03 September 2012

Making Notes

In the last post I talked about giving readers context in our writing, but we need to give ourselves context as well.

Like most writers I always have a notebook with me for writing down ideas, snippets of conversation, or descriptions of things I see. At the time the scene is clear and I think I will always remember it, but unfortunately it doesn't always work that way. 

On my last two visits to the UK, and London in particular, I made copious notes for Lives Interrupted. The first trip occurred as I was planning the book, and the second while I was editing, so my notes were very specific to that book. In addition I wrote down other things I found interesting, but with no real idea of when, or if, they would come in useful. For these types of musings you need to note down clearly the important points, and the date and place could also be useful. A cryptic note will not be of much use four or five years down the track, I know because I've spent hours trying to recall what some of my own more cryptic comments meant.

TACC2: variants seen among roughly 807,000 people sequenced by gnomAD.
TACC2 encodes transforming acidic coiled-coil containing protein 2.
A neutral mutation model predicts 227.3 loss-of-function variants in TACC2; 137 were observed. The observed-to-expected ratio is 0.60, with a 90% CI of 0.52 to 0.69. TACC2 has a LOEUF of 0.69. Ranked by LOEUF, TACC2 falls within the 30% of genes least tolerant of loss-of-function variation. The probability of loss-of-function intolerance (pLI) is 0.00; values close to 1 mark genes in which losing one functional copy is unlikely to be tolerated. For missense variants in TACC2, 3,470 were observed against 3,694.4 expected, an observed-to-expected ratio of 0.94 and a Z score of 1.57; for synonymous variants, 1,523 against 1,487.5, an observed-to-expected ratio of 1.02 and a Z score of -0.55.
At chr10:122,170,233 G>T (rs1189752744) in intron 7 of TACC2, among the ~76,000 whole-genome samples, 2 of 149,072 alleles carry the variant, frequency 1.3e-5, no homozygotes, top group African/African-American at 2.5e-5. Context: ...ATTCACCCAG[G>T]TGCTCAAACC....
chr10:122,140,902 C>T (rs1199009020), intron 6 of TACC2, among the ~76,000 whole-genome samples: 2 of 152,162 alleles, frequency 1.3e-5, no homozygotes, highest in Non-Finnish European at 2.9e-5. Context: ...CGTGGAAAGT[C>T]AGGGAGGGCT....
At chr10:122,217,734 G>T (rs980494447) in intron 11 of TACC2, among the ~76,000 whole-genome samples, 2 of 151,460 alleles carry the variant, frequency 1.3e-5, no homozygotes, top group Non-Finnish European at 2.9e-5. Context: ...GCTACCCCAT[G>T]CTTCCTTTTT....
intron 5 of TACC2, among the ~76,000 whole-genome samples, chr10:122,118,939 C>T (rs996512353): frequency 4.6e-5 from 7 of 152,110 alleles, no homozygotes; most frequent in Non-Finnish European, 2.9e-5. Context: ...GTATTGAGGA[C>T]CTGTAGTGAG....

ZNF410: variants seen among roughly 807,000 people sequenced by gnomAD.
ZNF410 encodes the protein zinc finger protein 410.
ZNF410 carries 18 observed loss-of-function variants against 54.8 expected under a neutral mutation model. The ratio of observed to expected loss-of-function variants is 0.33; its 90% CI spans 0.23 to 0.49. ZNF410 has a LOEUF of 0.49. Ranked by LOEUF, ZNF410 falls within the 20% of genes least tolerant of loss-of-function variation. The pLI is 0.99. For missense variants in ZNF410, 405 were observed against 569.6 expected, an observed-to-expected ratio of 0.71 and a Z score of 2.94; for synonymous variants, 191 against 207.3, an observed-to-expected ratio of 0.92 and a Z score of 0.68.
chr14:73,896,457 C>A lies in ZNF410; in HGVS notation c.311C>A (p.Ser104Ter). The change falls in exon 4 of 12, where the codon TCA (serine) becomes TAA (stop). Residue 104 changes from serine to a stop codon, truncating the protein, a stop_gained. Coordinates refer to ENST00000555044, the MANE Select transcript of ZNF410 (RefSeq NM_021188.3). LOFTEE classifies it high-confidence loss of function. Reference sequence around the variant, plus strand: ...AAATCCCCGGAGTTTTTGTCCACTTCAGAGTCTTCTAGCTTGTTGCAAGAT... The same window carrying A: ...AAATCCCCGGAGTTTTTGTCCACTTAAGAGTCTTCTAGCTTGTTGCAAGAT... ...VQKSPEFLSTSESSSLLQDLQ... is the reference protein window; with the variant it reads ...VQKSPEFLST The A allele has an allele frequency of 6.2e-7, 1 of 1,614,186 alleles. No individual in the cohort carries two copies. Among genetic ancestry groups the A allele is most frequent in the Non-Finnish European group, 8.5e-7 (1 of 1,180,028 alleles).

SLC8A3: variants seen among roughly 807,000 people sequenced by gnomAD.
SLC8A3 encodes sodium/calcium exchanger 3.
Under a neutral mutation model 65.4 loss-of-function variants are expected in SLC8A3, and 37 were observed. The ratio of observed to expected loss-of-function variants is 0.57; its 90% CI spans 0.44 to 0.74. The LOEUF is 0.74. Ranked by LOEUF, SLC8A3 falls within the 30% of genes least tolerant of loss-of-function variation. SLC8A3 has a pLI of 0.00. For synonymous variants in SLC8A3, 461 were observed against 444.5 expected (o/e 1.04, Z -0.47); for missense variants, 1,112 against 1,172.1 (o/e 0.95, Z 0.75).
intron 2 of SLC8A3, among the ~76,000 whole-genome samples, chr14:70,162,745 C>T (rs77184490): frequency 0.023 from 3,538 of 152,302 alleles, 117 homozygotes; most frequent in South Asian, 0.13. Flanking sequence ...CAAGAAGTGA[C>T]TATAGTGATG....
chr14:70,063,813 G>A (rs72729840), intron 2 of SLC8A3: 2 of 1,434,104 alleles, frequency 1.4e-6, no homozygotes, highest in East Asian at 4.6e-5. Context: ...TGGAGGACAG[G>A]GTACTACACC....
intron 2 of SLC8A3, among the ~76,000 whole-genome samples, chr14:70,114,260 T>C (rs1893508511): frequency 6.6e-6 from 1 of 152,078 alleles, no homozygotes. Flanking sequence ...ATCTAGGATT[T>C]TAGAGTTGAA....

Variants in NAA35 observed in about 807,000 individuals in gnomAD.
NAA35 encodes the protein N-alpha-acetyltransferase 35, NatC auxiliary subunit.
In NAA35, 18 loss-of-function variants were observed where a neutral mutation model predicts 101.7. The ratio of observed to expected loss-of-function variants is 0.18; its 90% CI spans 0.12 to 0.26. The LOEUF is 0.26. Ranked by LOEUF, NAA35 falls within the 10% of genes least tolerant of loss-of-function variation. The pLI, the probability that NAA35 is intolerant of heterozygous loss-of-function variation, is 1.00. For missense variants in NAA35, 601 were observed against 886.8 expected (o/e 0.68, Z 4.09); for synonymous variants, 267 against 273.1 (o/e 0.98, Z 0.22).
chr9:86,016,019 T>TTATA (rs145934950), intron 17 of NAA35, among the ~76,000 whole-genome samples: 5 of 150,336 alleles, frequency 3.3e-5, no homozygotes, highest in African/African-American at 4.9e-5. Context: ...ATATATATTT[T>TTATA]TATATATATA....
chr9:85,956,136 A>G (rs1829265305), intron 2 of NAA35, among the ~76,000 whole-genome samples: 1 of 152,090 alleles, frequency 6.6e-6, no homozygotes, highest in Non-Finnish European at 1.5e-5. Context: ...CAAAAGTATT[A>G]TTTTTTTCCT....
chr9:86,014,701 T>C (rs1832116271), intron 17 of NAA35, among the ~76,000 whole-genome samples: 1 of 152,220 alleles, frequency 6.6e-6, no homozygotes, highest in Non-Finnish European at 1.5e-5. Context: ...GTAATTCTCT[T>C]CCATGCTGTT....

In contrast I also have some lovely descriptions and dialogue that act like a photograph in reminding me of the happenings of a day, or a person that I've seen, but never met.

I recently used a notebook entry in a short story. The original note was made about six years ago, so make the notes clear, and don't worry if it takes time before you find a use for them.


  1. Good advice, Shauna. One of my books (Impact) started from a 6 line sidebar item in a newspaper that I cut out and kept for over 4 years before I began the novel.

    1. Thanks Jeannie, some times you know things are going to be useful, but not exactly how, so it does pay to keep them. I have notes of an incident I saw about five or six years ago, and for once I wrote down several sentences rather than the cryptic one-word items I often use. When I look through that notebook now and read the entry I can see the scene as if I were there. One day I'll find the right place to use it!